1 Like

Thanks @jameseb7 and @quinedot !

I replaced:

let mut translated_index = letter_index - key;

if translated_index < 0 {
	translated_index = translated_index + supported_characters.len()    // wrap-around
}

with:

let translated_index = (letter_index + supported_characters.len() - key) % supported_characters.len();

from

You may want to reduce key using the modulus operator (%), to ensure it fits within supported_characters.len() (and hence isize::MAX).

Some notes on the implementation:

The modulus % or mod_euclid mentioned in the previous replies corresponds to modular arithmetic, which "wraps around" from the end to the beginning or from the beginning to the end. For this particular problem, you're effectively working with indices mod 26.

So for example, if you pass in a key that's 30, it will work the same as a key that's 4. You wrap around completely once (26) and then advance 4 more (26 + 4 = 30). And 30 % 26 == 4.

This works with negative numbers too, so if your key was -4, this would be the same as a key that was 26 + (-4) == 26 - 4 == 22. And -4.mod_euclid(26) == 22.

Why did I mention negative keys when your functions take usize, which doesn't allow negatives? Well, let's consider the difference between your two functions:

-fn caesar_encode(message: &str, key: usize) -> String {
+fn caesar_decode(message: &str, key: usize) -> String {
     let supported_characters = "abcdefghijklmnopqrstuvwxyz";
     let mut encoded_message = String::new();

     for letter in message.chars() {
         if supported_characters.contains(letter) {
             let letter_index = supported_characters.find(letter).unwrap();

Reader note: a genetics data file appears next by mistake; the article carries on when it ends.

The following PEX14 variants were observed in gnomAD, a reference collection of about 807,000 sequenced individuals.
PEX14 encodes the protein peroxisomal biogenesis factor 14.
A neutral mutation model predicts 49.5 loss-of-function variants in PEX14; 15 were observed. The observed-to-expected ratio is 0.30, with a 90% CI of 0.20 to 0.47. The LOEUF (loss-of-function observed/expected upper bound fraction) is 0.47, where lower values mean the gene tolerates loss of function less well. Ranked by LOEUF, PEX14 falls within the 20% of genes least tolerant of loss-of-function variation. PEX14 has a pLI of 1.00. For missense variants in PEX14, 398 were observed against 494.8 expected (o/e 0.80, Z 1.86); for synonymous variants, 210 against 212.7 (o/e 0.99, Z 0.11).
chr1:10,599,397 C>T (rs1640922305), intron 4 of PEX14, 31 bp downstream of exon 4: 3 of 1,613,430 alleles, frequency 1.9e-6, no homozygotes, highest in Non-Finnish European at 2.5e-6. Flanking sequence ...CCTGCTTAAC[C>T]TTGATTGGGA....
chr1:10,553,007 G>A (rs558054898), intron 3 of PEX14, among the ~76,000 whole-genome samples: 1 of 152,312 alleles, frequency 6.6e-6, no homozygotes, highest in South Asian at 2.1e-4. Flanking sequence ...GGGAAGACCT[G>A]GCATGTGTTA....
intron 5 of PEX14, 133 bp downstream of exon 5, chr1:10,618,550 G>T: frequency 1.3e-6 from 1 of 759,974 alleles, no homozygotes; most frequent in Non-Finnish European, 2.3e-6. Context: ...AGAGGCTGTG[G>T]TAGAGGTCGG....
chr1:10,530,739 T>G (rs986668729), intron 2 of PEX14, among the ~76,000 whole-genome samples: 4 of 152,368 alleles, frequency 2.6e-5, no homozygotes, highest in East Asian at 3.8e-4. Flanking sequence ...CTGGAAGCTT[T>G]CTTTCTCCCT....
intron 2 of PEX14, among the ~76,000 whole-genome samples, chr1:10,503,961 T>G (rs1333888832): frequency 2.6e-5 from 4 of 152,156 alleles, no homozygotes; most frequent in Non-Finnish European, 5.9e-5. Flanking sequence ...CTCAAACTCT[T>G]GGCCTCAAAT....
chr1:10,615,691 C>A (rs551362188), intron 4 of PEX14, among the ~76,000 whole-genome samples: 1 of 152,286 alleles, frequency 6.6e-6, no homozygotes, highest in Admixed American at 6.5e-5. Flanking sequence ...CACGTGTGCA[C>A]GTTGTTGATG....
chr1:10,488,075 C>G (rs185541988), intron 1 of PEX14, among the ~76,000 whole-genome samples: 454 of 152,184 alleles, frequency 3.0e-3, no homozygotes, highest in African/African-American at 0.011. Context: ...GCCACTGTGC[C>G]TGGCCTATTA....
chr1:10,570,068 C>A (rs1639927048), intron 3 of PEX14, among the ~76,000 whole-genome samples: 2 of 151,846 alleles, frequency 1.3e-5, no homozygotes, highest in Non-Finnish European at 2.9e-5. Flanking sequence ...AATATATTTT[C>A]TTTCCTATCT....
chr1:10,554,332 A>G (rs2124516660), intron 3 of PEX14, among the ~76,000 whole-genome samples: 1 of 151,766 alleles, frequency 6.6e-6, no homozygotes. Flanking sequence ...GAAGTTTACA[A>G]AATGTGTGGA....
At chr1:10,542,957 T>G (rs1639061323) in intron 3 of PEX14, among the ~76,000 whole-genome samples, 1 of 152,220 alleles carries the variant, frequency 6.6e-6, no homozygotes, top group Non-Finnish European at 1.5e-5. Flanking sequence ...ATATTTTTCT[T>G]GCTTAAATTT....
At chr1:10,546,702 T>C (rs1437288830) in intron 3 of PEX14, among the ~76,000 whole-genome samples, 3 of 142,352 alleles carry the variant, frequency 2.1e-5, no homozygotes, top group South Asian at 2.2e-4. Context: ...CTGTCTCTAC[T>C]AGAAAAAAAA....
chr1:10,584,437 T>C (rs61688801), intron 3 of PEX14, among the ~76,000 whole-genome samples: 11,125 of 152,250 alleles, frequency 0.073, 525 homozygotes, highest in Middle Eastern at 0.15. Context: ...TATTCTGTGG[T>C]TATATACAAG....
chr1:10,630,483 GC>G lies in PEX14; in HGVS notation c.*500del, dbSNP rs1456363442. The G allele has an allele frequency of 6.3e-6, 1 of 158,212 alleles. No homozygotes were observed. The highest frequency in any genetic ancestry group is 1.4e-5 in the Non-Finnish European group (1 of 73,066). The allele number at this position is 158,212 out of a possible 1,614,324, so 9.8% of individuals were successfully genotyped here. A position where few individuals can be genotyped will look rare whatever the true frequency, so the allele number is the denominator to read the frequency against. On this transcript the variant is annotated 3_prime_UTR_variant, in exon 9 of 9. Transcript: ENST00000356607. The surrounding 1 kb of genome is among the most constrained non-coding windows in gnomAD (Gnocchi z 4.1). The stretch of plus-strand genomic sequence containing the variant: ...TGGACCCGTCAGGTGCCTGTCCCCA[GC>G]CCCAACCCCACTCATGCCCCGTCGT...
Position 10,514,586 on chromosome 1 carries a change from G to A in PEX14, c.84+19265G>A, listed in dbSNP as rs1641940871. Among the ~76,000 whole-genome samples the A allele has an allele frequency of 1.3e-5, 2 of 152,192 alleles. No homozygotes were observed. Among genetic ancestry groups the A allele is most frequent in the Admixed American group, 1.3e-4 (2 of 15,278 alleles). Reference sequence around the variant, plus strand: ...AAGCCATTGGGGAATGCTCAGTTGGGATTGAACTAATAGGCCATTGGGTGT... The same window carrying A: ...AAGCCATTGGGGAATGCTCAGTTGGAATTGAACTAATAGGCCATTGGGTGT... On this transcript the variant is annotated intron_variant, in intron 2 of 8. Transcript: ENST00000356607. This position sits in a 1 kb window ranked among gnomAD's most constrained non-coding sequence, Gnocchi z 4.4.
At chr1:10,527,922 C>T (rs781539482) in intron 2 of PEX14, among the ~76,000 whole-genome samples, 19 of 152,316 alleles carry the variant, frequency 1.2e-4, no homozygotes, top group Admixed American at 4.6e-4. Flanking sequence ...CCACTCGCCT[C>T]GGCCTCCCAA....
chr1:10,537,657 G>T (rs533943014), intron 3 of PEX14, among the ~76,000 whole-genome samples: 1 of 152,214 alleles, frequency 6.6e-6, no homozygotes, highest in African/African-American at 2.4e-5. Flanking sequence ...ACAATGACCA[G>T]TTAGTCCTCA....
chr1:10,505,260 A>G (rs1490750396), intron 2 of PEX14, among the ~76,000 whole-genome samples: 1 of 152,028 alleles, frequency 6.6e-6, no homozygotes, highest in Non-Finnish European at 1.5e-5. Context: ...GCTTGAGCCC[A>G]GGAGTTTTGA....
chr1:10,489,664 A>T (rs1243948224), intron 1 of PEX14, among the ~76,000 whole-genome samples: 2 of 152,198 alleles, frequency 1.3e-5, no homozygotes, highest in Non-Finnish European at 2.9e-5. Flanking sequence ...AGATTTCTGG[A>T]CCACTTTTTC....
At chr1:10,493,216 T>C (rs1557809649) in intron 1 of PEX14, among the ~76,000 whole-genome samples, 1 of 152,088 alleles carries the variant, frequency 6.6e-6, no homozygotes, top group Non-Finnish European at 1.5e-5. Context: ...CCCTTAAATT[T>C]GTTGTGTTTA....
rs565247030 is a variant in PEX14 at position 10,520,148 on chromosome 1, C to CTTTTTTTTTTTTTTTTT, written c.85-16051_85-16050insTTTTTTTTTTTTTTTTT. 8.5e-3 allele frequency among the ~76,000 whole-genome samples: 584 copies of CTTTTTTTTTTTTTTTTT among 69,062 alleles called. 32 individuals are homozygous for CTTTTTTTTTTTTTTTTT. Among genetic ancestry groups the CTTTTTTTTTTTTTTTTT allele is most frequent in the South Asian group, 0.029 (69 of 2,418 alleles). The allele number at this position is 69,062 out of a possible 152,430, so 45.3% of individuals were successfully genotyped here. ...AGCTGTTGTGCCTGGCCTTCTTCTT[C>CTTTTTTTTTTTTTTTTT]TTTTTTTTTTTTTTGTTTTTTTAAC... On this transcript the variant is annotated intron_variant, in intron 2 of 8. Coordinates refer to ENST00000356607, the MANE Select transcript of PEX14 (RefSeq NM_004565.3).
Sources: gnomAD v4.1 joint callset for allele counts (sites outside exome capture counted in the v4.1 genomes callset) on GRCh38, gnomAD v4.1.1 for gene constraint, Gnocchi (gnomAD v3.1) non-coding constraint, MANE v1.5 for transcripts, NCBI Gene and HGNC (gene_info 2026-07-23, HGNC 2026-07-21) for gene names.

-            let mut translated_index = letter_index + key;
+            let mut translated_index = letter_index - key;

-                if translated_index >= supported_characters.len() {
-                    translated_index = translated_index - supported_characters.len()    // wrap-around
+                if translated_index < 0 {
+                    translated_index = translated_index + supported_characters.len()    // wrap-around

The last part of the difference is just "manually" performing modular arithmetic to stay in range. But this is the key[1] difference:

-            let mut translated_index = letter_index + key;
+            let mut translated_index = letter_index - key;

When using modular arithmetic, decoding with key is the same as encoding with -key.

So you can rewrite this to only have logic in caesar_encode, and then for caesar_decode, just calculate the appropriate key and call caesar_encode.


There are other ways you could tighten up the code, but instead of just writing them out I'll leave some clues you can choose to follow up with or not.

  • Your supported characters are the ASCII lowecase letters. You can test if a char is an ASCII lowercase letter with is_ascii_lowercase.

  • Those lowercase letters are also an in-order and contiguous (no gaps) range within UTF8 (and ASCII), so you can convert them to numbers and figure out the letter_index with arithmetic

  • Inside the loop, you basically transform each letter into another letter (maybe itself if it's not an ASCII lowercase letter), and then push that into a new String. Then you return the String after the loop. That's the same as this pattern:

    fn caesar_encode(message: &str, key: usize) -> String {
        // ...
        message.chars().map(|letter| {
            // ...
        }).collect()
    }
    

  1. sorry for the pun ↩ī¸Ž

3 Likes

Thank you so much for breaking it down!